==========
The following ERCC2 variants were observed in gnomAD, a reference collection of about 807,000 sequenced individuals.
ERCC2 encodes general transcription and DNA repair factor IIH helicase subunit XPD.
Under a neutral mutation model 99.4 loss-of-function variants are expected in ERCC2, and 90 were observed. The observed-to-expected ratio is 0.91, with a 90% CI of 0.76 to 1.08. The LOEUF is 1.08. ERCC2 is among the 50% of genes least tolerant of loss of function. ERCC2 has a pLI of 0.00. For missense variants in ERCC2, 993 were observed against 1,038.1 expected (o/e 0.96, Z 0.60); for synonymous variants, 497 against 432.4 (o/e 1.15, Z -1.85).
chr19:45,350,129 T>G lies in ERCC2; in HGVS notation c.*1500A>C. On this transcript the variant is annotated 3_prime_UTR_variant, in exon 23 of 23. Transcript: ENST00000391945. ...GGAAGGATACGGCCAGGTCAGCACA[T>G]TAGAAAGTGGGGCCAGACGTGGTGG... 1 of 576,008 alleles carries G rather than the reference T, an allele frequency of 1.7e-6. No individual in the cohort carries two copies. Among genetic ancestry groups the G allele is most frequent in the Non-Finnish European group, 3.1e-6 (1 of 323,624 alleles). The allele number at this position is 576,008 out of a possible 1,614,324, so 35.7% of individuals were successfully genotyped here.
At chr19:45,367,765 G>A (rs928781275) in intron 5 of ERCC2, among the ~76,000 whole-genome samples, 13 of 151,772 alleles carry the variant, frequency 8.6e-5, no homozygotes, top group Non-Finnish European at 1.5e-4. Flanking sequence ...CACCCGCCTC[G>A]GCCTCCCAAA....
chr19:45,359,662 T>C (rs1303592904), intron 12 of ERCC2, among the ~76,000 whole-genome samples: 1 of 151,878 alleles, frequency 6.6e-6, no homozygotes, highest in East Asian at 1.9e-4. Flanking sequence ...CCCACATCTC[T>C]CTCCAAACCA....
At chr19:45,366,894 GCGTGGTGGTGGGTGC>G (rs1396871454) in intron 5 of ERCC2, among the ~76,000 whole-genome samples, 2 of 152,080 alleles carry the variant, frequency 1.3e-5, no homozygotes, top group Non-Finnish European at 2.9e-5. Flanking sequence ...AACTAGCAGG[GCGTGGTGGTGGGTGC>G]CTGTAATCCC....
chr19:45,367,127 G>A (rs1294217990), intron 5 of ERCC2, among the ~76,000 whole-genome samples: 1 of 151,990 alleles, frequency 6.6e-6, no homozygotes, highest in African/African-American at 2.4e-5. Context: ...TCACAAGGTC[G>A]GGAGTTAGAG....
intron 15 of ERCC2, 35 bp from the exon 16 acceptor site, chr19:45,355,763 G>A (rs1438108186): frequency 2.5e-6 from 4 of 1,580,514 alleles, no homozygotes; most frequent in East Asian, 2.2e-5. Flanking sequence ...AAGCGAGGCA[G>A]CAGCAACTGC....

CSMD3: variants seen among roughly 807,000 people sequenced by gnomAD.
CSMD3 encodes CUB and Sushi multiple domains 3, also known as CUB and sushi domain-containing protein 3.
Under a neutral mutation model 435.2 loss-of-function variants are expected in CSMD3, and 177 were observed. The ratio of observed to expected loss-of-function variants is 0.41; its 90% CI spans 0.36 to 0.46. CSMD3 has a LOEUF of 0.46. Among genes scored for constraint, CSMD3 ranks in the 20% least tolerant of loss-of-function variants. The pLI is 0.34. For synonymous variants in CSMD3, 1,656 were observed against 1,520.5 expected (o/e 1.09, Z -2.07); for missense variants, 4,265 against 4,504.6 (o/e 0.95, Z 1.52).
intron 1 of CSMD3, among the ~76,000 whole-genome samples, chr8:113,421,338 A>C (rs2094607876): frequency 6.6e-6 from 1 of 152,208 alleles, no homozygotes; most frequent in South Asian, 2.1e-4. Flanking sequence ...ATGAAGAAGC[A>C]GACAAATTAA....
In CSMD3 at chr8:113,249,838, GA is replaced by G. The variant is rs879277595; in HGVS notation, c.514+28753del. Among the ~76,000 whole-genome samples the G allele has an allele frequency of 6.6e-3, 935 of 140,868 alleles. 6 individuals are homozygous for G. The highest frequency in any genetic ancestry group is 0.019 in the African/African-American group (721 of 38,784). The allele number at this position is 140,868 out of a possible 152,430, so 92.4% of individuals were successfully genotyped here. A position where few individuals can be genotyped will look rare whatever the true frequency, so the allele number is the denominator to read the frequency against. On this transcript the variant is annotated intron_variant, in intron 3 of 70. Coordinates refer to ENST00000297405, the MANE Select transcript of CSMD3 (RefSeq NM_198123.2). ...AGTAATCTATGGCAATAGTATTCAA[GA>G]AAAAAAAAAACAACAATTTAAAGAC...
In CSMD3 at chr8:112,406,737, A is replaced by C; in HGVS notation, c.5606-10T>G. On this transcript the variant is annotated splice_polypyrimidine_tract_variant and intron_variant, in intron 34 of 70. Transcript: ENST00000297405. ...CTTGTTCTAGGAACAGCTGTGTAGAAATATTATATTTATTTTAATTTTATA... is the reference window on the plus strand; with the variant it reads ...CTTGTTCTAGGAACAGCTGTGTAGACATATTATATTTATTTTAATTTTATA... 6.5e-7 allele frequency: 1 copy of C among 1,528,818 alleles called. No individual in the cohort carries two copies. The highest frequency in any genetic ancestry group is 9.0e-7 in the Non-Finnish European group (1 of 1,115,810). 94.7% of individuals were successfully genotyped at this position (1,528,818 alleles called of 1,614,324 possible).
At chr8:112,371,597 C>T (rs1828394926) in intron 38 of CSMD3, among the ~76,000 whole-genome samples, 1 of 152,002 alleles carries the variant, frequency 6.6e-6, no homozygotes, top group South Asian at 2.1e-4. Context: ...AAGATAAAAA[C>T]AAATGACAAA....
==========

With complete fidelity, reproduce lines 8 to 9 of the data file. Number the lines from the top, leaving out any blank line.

chr19:45,367,127 G>A (rs1294217990), intron 5 of ERCC2, among the ~76,000 whole-genome samples: 1 of 151,990 alleles, frequency 6.6e-6, no homozygotes, highest in African/African-American at 2.4e-5. Context: ...TCACAAGGTC[G>A]GGAGTTAGAG....
intron 15 of ERCC2, 35 bp from the exon 16 acceptor site, chr19:45,355,763 G>A (rs1438108186): frequency 2.5e-6 from 4 of 1,580,514 alleles, no homozygotes; most frequent in East Asian, 2.2e-5. Flanking sequence ...AAGCGAGGCA[G>A]CAGCAACTGC....